PS-No one said the parties were extravagant (I’ve got a budget to work with too!) or the only way to get the gleam in the girl’s eyes…but they don’t hurt either.

      1. Cristy

        I couldn’t agree with you more, Lady. I’ve been the mom who got lost in giving it ALL for the kids. You know what it got me? Ungrateful kids. Kids who appreciate neither me nor the “stuff (parties, gifts, outings, you name it).

        Switching things up and letting them see that after we get home from school, after I’ve helped with homework, cleaning up their backpacks of the papers that needs signing or whatever, washing their lunchboxes, and starting dinner, Mom gets 20 uninterrupted minutes to either watch something on TV, flip through a magazine, read a book, whatever. The point is for them to see that Mom gets time too. Twenty minutes. Selfish? To some, perhaps, but the kids have learned respect boundaries, to appreciate the time the get (which is the other 23 hours and 40 minutes a day), and to value the outings and gifts they receive. Win-win, if you ask me.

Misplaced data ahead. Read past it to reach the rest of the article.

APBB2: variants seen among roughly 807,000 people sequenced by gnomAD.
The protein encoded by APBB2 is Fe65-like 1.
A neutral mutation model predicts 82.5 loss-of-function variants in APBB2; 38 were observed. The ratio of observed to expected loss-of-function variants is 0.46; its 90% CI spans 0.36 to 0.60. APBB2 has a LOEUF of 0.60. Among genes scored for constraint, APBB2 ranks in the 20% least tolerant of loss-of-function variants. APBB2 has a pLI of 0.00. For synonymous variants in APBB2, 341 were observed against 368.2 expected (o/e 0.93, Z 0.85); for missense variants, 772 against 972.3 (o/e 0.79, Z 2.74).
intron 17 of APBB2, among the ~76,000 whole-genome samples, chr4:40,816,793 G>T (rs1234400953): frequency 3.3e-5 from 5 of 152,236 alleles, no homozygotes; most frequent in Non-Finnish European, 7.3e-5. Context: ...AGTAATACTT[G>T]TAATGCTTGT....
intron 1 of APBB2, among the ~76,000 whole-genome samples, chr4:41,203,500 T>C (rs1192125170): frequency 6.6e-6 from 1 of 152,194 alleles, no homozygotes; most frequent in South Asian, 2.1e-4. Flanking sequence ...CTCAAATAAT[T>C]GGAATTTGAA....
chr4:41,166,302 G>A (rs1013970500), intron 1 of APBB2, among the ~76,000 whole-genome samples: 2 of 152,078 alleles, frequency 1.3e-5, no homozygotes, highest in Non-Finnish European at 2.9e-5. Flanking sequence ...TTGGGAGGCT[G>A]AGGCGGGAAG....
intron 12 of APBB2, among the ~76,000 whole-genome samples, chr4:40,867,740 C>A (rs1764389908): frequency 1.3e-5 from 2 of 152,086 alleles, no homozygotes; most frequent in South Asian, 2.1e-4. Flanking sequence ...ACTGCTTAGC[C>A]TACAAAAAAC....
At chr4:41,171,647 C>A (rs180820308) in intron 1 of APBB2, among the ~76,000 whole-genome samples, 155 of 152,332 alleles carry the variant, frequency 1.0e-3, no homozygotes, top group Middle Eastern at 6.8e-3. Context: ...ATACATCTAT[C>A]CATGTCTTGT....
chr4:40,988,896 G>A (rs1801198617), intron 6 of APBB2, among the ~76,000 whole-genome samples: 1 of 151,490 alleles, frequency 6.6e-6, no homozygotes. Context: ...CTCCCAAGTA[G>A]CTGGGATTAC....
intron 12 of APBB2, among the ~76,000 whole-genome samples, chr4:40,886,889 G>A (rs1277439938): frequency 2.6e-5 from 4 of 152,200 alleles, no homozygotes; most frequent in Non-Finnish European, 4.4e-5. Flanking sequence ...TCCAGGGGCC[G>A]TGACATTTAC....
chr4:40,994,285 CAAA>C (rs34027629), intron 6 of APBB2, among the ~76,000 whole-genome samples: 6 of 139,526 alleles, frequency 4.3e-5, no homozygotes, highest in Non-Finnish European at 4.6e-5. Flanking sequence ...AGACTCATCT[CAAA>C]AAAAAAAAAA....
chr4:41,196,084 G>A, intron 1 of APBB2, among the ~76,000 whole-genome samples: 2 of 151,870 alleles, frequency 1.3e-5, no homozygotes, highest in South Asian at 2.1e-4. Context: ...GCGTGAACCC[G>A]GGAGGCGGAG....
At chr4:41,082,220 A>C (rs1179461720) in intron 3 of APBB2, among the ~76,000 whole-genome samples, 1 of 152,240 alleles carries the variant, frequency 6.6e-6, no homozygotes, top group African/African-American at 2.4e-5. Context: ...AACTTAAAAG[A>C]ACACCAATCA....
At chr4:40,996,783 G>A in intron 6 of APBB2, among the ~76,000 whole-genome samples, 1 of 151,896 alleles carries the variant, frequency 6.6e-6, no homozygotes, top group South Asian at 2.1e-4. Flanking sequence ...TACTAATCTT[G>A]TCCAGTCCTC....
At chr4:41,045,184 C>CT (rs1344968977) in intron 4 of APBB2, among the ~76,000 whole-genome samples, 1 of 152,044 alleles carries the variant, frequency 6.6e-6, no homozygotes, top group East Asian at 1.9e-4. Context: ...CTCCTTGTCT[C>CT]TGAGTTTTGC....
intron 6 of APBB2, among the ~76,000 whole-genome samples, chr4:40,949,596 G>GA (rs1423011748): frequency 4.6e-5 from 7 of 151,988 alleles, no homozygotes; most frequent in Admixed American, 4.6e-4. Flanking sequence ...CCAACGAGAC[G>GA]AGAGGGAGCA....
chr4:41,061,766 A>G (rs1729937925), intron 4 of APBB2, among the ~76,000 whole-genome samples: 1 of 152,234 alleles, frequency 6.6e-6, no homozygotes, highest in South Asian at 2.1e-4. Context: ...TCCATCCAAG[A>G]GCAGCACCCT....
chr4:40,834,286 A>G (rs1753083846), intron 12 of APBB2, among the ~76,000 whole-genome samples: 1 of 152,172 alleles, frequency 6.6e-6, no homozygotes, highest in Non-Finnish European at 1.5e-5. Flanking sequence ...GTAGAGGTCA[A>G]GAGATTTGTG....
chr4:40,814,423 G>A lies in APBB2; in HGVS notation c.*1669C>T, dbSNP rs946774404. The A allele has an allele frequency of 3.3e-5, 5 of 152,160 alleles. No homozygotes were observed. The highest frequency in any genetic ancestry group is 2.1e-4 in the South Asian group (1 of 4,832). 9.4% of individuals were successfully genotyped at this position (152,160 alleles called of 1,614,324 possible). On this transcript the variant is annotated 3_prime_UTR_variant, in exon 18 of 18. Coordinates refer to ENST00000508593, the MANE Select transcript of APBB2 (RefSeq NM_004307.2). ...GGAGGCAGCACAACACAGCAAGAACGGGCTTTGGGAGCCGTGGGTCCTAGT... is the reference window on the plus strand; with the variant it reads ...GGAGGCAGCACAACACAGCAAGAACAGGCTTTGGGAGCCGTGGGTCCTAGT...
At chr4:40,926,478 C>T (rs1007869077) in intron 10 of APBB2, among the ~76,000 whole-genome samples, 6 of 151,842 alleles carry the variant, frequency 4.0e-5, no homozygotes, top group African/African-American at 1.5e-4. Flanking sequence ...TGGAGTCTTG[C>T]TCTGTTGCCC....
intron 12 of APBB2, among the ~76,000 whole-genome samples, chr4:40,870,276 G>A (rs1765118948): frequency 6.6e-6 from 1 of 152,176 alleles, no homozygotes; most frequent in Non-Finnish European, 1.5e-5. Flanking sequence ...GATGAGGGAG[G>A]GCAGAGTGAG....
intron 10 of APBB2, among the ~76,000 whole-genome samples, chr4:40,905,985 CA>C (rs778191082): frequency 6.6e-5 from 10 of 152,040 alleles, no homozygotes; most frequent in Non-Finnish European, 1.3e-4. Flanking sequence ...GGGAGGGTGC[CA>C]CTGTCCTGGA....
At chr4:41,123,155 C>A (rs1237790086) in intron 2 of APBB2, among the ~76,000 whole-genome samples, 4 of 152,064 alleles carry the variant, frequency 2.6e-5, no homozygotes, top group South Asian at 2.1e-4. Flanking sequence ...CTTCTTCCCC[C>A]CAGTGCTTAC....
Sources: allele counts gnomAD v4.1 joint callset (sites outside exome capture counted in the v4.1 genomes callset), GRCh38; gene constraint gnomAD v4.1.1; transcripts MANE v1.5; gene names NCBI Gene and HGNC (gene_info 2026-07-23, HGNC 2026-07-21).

2. Jenna

        Well said, Lady. Just because I became a mommy doesn’t mean I stopped being human. If it makes me selfish to have a few moments to myself so I don’t completely break down, then so be it. My son will have a much healthier and happier childhood because I take care of myself, too. And what is wrong with getting chores done as opposed to sitting there watching your kid color all day? It’s a GOOD thing to teach kids responsibility; to show them that there isn’t some fairy who comes and cleans the house — PEOPLE have to do that. And families can share some of those responsibilities, so everybody wins. Sometimes I hate being a mom in modern times, if only because I feel like I have to CONSTANTLY justify how yes, sometimes I actually take a few minutes away from my child to take care of my needs. GASP. Yes, I have been able to take a shower most days even though I have a small child. My son plays with his toys happily in his room and mommy gets to take her shower. Are my showers always uninterrupted? Of course not, but my precious boy understands that shower time is mommy’s time and unless there is a problem, he can keep himself occupied until I’m done and will gladly join him for a game of Legos. It does NOT make me selfish to want a shower—it makes me HUMAN. It’s absurd that I even have to say these things because most of society would disagree with my desire to take care of my needs in addition to my family’s. Ugh.

    2. Stacy